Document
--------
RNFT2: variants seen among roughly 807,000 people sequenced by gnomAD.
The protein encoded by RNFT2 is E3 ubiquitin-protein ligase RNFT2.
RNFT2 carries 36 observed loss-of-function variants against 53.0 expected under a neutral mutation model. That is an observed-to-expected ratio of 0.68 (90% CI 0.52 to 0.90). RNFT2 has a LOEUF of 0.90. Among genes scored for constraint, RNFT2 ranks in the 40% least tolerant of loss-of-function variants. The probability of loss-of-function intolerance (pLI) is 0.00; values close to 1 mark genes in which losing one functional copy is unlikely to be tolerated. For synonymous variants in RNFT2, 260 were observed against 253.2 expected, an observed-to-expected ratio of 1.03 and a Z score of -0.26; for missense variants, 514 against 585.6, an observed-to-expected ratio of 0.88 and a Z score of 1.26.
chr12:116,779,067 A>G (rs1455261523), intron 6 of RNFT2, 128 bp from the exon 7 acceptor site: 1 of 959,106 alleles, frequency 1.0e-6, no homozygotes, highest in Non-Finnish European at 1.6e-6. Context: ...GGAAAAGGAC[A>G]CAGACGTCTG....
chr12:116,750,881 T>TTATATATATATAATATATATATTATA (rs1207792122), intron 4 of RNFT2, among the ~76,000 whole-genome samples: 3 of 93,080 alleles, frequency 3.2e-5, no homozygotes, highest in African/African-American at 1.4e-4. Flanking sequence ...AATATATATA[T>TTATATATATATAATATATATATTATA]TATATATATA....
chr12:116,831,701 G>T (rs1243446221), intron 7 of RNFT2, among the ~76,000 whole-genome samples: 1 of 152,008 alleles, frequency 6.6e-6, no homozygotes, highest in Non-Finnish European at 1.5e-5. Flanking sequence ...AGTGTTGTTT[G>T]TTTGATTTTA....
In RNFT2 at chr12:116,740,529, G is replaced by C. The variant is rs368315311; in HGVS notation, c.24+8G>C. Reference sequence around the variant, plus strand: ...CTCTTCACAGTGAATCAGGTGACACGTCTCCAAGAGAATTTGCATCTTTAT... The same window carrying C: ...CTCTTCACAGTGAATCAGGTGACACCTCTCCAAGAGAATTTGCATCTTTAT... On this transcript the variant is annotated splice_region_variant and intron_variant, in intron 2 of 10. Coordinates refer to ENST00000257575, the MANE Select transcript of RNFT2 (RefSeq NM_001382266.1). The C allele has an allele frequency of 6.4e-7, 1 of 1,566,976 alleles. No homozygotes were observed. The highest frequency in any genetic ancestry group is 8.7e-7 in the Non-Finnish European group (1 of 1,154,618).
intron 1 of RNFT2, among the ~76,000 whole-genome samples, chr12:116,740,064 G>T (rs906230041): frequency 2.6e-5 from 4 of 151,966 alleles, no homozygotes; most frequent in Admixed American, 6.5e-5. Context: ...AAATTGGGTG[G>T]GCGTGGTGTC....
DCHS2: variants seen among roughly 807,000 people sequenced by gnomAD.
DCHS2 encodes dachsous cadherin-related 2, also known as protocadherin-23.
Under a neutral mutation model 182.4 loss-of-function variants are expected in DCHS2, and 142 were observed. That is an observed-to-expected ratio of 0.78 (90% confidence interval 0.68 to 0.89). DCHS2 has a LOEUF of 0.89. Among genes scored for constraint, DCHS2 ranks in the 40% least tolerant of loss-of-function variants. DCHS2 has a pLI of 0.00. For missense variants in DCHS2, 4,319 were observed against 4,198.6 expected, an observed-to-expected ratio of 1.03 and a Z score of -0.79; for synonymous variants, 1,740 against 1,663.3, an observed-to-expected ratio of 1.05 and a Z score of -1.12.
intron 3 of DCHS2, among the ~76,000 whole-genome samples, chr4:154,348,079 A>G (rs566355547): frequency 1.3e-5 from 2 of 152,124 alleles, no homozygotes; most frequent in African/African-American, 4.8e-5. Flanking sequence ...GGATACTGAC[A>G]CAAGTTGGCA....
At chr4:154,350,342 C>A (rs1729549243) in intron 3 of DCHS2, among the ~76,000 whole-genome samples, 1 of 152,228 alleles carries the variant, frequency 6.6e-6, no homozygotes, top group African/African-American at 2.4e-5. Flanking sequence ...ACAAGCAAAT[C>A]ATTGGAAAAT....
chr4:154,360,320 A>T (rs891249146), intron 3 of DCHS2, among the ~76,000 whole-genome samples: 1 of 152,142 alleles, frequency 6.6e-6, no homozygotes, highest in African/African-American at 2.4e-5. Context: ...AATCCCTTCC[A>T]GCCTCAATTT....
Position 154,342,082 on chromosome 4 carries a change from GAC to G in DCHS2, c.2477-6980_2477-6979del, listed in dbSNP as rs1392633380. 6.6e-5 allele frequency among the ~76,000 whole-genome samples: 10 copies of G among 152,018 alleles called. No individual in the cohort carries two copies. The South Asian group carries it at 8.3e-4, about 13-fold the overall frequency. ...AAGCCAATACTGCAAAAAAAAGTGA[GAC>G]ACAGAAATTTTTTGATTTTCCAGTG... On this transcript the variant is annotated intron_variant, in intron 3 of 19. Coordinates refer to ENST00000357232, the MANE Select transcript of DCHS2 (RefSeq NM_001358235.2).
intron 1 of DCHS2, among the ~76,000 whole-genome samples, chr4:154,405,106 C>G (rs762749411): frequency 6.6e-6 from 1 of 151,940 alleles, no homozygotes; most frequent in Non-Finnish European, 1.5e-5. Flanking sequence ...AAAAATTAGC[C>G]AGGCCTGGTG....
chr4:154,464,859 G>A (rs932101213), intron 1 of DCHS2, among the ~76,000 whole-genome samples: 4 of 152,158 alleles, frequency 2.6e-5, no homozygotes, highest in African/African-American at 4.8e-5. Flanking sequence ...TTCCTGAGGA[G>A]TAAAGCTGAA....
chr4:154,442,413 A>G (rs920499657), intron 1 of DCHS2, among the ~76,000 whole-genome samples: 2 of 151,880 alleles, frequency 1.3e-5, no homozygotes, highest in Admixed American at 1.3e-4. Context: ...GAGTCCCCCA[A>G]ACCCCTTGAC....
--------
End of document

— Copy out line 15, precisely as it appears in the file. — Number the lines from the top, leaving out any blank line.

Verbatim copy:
Position 154,342,082 on chromosome 4 carries a change from GAC to G in DCHS2, c.2477-6980_2477-6979del, listed in dbSNP as rs1392633380. 6.6e-5 allele frequency among the ~76,000 whole-genome samples: 10 copies of G among 152,018 alleles called. No individual in the cohort carries two copies. The South Asian group carries it at 8.3e-4, about 13-fold the overall frequency. ...AAGCCAATACTGCAAAAAAAAGTGA[GAC>G]ACAGAAATTTTTTGATTTTCCAGTG... On this transcript the variant is annotated intron_variant, in intron 3 of 19. Coordinates refer to ENST00000357232, the MANE Select transcript of DCHS2 (RefSeq NM_001358235.2).